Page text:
Drought in California and Brazil, the U.K.’s wettest winter and floods in the Balkans are among the extreme weather patterns that marked what’s on track to be the hottest year ever recorded.
Temperatures this year are on course for their highest globally since records began, with oceans bearing the brunt of the heat and the U.S. and Canada spared the worst, according to the World Meteorological Organization.
“More and more people around the world are confronted with catastrophic climate change,” Martin Kaiser, head of climate politics at the environmental group Greenpeace, said at a United Nations conference in Lima working to limit greenhouse gases. “The trend is worsening. We need to get policies in place at all levels and act as fast as possible.”
The warmth is linked to unusual weather, with high ocean temperatures contributing to “exceptionally heavy rainfall and floods in many countries and extreme drought in others,” the WMO said in a report today.
Flooding this year devastated swathes of Bosnia- Herzegovina, Croatia, Serbia, India, Pakistan, Bangladesh and Morocco, according to the report. In the U.K., already known for its drizzly weather, the winter was the wettest on record, while France and Japan also had rainfall records during the year.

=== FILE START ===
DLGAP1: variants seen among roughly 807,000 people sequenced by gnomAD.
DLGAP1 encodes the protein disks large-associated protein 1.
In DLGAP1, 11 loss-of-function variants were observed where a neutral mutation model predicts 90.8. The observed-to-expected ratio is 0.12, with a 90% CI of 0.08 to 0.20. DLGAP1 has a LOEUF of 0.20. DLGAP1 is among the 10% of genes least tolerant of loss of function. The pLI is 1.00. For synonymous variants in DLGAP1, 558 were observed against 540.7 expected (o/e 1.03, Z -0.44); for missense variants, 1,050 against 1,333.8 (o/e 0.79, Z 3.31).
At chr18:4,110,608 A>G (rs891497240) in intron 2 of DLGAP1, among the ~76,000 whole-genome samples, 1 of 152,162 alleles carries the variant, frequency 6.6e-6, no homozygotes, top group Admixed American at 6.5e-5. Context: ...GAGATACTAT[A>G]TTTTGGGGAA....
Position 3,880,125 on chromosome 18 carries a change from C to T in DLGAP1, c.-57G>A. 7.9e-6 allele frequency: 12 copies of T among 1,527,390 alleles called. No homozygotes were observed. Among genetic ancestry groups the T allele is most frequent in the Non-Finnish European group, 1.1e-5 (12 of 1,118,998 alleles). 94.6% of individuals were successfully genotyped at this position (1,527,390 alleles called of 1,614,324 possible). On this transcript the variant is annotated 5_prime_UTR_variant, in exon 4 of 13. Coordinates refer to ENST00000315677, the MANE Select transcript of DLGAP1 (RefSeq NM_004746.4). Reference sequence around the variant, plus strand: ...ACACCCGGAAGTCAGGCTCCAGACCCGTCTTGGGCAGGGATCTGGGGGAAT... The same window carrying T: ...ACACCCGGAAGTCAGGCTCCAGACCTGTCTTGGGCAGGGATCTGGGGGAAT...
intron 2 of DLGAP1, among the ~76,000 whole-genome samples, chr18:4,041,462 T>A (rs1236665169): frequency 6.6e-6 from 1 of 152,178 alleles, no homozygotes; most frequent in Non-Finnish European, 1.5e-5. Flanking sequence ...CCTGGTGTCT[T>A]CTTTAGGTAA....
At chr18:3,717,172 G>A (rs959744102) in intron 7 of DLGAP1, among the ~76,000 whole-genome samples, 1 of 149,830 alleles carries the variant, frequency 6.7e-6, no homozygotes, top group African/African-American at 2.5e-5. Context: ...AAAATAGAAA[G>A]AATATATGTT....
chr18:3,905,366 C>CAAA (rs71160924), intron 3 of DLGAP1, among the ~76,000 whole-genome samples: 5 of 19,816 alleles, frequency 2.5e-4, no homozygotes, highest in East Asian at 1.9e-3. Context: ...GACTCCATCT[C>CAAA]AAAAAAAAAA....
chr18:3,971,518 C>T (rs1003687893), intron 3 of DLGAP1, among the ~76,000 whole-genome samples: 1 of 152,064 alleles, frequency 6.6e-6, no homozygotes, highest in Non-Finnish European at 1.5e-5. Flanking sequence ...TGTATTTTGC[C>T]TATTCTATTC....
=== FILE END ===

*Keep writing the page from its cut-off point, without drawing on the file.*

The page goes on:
On the flipside, drought hit parts of China and Central America, and depleted water supplies for Sao Paulo in Brazil. Large parts the western U.S. are in drought, with parts of California, Texas and Nevada receiving less than 40 percent of their typical rainfall, the WMO said.
“There is no standstill in global warming,” WMO Secretary-General Michel Jarraud said in a statement, taking a swipe at climate skeptics who say temperatures aren’t heating up. “Record-high greenhouse-gas emissions and associated atmospheric concentrations are committing the planet to a much more uncertain and inhospitable future.”
There are signs that doubts about climate change are dissipating in the U.S., a survey sponsored by the reinsurance company Munich Re showed. The poll of 1,000 people published yesterday showed 83 percent of Americans believe global warming is happening and 66 percent back taxes as a way to change the behavior of consumers and businesses.
``National sentiment over whether or not climatic changes are occurring has finally reached a tipping point,” Tony Kuczinski, president of Munich Re America, said in a statement on Businesswire.
The global mean temperature for the first 10 months of the year were above average by 0.57 degrees Celsius (1.03 degrees Fahrenheit), the WMO said. If the warmth persists in November and December, it will trump heat recorded in 2010, 2005 and 1998.
The findings are the broadest study of the climate for the year to date and mesh with scientific evidence suggesting the Earth is experiencing a quicker shift in temperatures than when the last ice age ended 10,000 years ago. Released at a United Nations global warming conference in Peru, the report undercuts doubts that humans are behind the shift and puts pressure on envoys from some 190 nations to act.
Temperatures already have gained 0.8 of a degree Celsius since the start of the industrial revolution and are on track to rise 3.6 degrees Celsius by the end of the century, the International Energy Agency estimates. That sort of shift applied worldwide would cause more violent storms, shrink crop yields and alter the geographical range of diseases, with the poorest countries suffering the most, the World Bank said last month.